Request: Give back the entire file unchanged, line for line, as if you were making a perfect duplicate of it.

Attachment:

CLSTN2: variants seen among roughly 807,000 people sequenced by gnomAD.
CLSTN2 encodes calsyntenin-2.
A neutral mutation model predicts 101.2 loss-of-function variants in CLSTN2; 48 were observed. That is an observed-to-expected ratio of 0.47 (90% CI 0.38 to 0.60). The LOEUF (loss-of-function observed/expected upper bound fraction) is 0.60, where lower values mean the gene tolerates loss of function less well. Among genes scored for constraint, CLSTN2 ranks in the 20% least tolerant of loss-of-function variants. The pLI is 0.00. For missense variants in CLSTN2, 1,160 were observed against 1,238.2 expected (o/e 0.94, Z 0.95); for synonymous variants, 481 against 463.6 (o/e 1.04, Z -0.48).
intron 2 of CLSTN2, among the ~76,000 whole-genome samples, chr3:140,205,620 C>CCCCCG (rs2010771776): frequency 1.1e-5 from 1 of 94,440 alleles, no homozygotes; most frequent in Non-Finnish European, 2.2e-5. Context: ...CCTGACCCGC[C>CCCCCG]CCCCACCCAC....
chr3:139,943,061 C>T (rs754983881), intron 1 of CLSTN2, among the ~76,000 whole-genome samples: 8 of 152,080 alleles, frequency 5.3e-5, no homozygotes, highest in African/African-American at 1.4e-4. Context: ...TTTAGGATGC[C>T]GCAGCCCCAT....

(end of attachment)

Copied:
CLSTN2: variants seen among roughly 807,000 people sequenced by gnomAD.
CLSTN2 encodes calsyntenin-2.
A neutral mutation model predicts 101.2 loss-of-function variants in CLSTN2; 48 were observed. That is an observed-to-expected ratio of 0.47 (90% CI 0.38 to 0.60). The LOEUF (loss-of-function observed/expected upper bound fraction) is 0.60, where lower values mean the gene tolerates loss of function less well. Among genes scored for constraint, CLSTN2 ranks in the 20% least tolerant of loss-of-function variants. The pLI is 0.00. For missense variants in CLSTN2, 1,160 were observed against 1,238.2 expected (o/e 0.94, Z 0.95); for synonymous variants, 481 against 463.6 (o/e 1.04, Z -0.48).
intron 2 of CLSTN2, among the ~76,000 whole-genome samples, chr3:140,205,620 C>CCCCCG (rs2010771776): frequency 1.1e-5 from 1 of 94,440 alleles, no homozygotes; most frequent in Non-Finnish European, 2.2e-5. Context: ...CCTGACCCGC[C>CCCCCG]CCCCACCCAC....
chr3:139,943,061 C>T (rs754983881), intron 1 of CLSTN2, among the ~76,000 whole-genome samples: 8 of 152,080 alleles, frequency 5.3e-5, no homozygotes, highest in African/African-American at 1.4e-4. Context: ...TTTAGGATGC[C>T]GCAGCCCCAT....